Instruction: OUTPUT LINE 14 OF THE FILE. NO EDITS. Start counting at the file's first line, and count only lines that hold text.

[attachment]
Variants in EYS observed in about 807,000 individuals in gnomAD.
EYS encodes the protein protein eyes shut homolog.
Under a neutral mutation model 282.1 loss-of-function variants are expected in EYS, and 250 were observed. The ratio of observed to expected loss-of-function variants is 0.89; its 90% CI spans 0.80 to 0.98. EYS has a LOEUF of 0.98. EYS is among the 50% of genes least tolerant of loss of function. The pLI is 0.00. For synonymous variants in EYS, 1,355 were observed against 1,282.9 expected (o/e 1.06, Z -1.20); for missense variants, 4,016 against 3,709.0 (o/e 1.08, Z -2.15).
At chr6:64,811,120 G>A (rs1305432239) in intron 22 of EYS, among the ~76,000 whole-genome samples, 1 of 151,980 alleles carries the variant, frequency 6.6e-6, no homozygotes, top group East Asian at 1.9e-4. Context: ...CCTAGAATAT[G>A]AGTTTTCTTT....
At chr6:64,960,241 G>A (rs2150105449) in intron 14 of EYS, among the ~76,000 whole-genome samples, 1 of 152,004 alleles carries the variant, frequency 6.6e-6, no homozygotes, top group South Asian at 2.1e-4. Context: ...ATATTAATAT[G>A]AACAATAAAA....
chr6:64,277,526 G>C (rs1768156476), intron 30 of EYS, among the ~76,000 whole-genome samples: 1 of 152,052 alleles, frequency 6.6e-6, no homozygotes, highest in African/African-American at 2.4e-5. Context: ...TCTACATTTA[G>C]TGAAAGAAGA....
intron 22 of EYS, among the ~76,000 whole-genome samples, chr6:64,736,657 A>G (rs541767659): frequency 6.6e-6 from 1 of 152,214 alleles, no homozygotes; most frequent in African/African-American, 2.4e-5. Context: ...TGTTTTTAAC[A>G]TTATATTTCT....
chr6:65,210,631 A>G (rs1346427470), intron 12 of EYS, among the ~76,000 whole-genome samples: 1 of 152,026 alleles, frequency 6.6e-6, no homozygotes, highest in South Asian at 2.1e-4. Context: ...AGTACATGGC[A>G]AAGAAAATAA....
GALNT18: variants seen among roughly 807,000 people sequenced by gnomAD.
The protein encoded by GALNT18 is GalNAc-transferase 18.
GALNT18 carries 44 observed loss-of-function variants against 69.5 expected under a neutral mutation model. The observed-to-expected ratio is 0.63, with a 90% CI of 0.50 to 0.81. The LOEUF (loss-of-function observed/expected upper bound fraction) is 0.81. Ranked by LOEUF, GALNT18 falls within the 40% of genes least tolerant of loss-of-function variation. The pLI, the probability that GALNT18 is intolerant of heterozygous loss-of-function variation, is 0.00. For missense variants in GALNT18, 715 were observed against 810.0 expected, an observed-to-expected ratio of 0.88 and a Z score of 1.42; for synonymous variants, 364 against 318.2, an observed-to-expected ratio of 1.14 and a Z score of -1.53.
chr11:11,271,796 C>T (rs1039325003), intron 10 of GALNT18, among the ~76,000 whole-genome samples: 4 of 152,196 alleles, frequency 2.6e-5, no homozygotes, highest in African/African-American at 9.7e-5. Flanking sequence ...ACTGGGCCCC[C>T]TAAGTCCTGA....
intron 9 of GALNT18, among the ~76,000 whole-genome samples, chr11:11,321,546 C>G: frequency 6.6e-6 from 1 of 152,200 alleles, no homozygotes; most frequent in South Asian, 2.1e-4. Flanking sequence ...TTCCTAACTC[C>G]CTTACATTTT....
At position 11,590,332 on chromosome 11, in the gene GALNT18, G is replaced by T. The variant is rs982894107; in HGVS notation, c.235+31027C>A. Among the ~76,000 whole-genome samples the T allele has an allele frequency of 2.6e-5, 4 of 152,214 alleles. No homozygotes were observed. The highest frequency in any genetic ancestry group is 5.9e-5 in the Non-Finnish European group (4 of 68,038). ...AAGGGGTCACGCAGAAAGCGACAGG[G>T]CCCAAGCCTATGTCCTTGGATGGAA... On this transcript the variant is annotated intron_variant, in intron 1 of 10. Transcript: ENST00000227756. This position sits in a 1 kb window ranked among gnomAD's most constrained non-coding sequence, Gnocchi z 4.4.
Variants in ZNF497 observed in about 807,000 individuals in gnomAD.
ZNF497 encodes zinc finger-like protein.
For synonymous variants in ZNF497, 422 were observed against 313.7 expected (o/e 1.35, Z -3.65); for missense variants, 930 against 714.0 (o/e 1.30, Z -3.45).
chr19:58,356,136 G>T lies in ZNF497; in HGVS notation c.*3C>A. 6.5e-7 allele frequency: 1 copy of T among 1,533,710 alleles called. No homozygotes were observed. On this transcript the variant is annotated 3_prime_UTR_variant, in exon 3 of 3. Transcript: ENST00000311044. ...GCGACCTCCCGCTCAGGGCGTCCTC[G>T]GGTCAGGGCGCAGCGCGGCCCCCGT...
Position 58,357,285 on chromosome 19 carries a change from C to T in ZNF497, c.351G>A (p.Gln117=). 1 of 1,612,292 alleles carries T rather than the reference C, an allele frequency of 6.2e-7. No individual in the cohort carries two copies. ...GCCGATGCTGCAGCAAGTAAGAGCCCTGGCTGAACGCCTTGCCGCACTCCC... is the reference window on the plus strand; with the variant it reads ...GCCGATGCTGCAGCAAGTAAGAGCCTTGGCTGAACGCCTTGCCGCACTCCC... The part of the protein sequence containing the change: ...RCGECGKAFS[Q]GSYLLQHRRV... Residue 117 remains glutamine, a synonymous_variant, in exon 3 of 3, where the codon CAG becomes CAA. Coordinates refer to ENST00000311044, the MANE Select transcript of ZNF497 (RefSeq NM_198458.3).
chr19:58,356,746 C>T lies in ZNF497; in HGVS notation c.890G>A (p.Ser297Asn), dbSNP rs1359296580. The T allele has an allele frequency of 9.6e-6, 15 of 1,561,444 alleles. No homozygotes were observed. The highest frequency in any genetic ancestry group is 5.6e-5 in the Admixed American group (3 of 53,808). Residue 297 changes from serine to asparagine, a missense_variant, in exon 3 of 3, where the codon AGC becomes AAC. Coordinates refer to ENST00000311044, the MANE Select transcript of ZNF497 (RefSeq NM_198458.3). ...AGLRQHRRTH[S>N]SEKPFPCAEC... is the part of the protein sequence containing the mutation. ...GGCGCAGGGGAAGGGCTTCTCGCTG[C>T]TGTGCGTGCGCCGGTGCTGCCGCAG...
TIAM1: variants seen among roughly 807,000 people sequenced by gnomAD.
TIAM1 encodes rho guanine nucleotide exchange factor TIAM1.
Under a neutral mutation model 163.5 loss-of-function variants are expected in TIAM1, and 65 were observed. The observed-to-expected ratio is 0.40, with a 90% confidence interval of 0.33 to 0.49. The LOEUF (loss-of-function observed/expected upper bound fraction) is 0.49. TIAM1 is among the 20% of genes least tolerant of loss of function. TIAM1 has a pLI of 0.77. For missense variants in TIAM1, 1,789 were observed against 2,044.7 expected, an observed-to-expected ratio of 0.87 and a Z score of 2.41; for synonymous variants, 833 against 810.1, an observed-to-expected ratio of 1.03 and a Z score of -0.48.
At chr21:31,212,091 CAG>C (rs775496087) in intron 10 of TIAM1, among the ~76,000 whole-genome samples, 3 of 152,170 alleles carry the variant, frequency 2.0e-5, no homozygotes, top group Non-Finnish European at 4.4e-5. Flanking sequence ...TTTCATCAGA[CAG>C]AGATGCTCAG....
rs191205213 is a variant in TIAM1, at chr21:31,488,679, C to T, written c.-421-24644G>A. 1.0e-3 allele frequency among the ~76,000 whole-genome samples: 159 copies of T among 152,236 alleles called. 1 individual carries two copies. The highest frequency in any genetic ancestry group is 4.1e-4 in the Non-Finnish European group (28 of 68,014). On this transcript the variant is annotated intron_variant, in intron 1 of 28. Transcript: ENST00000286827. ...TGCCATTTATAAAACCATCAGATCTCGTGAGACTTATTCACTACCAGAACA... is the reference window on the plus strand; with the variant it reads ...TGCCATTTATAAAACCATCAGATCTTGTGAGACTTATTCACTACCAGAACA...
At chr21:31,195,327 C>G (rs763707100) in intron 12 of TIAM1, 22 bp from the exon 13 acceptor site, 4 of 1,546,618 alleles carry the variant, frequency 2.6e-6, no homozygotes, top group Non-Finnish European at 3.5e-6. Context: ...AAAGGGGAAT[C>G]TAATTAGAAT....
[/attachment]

At position 11,590,332 on chromosome 11, in the gene GALNT18, G is replaced by T. The variant is rs982894107; in HGVS notation, c.235+31027C>A. Among the ~76,000 whole-genome samples the T allele has an allele frequency of 2.6e-5, 4 of 152,214 alleles. No homozygotes were observed. The highest frequency in any genetic ancestry group is 5.9e-5 in the Non-Finnish European group (4 of 68,038). ...AAGGGGTCACGCAGAAAGCGACAGG[G>T]CCCAAGCCTATGTCCTTGGATGGAA... On this transcript the variant is annotated intron_variant, in intron 1 of 10. Transcript: ENST00000227756. This position sits in a 1 kb window ranked among gnomAD's most constrained non-coding sequence, Gnocchi z 4.4.